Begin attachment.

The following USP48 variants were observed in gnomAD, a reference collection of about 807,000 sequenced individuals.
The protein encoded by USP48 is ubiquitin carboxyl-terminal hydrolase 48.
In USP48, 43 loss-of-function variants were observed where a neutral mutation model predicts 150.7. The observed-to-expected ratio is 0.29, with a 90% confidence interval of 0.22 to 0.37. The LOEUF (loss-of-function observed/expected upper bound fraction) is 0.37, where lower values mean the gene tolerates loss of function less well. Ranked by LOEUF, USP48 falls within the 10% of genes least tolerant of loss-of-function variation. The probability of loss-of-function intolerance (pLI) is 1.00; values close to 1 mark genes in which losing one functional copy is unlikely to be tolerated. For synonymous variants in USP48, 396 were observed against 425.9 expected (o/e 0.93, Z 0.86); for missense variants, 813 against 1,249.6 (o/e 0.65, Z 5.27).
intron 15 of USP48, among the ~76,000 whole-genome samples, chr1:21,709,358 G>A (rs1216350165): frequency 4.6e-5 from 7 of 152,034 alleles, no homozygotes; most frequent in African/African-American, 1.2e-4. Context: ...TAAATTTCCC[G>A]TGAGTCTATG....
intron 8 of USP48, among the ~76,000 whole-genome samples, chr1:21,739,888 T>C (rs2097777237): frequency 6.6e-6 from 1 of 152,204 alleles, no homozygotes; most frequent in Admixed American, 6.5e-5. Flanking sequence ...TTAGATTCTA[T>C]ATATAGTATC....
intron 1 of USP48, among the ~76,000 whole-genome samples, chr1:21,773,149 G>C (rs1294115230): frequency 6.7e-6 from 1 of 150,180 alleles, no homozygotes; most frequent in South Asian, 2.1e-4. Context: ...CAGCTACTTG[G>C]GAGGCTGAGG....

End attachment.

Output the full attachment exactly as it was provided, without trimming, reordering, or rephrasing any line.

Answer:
The following USP48 variants were observed in gnomAD, a reference collection of about 807,000 sequenced individuals.
The protein encoded by USP48 is ubiquitin carboxyl-terminal hydrolase 48.
In USP48, 43 loss-of-function variants were observed where a neutral mutation model predicts 150.7. The observed-to-expected ratio is 0.29, with a 90% confidence interval of 0.22 to 0.37. The LOEUF (loss-of-function observed/expected upper bound fraction) is 0.37, where lower values mean the gene tolerates loss of function less well. Ranked by LOEUF, USP48 falls within the 10% of genes least tolerant of loss-of-function variation. The probability of loss-of-function intolerance (pLI) is 1.00; values close to 1 mark genes in which losing one functional copy is unlikely to be tolerated. For synonymous variants in USP48, 396 were observed against 425.9 expected (o/e 0.93, Z 0.86); for missense variants, 813 against 1,249.6 (o/e 0.65, Z 5.27).
intron 15 of USP48, among the ~76,000 whole-genome samples, chr1:21,709,358 G>A (rs1216350165): frequency 4.6e-5 from 7 of 152,034 alleles, no homozygotes; most frequent in African/African-American, 1.2e-4. Context: ...TAAATTTCCC[G>A]TGAGTCTATG....
intron 8 of USP48, among the ~76,000 whole-genome samples, chr1:21,739,888 T>C (rs2097777237): frequency 6.6e-6 from 1 of 152,204 alleles, no homozygotes; most frequent in Admixed American, 6.5e-5. Flanking sequence ...TTAGATTCTA[T>C]ATATAGTATC....
intron 1 of USP48, among the ~76,000 whole-genome samples, chr1:21,773,149 G>C (rs1294115230): frequency 6.7e-6 from 1 of 150,180 alleles, no homozygotes; most frequent in South Asian, 2.1e-4. Context: ...CAGCTACTTG[G>C]GAGGCTGAGG....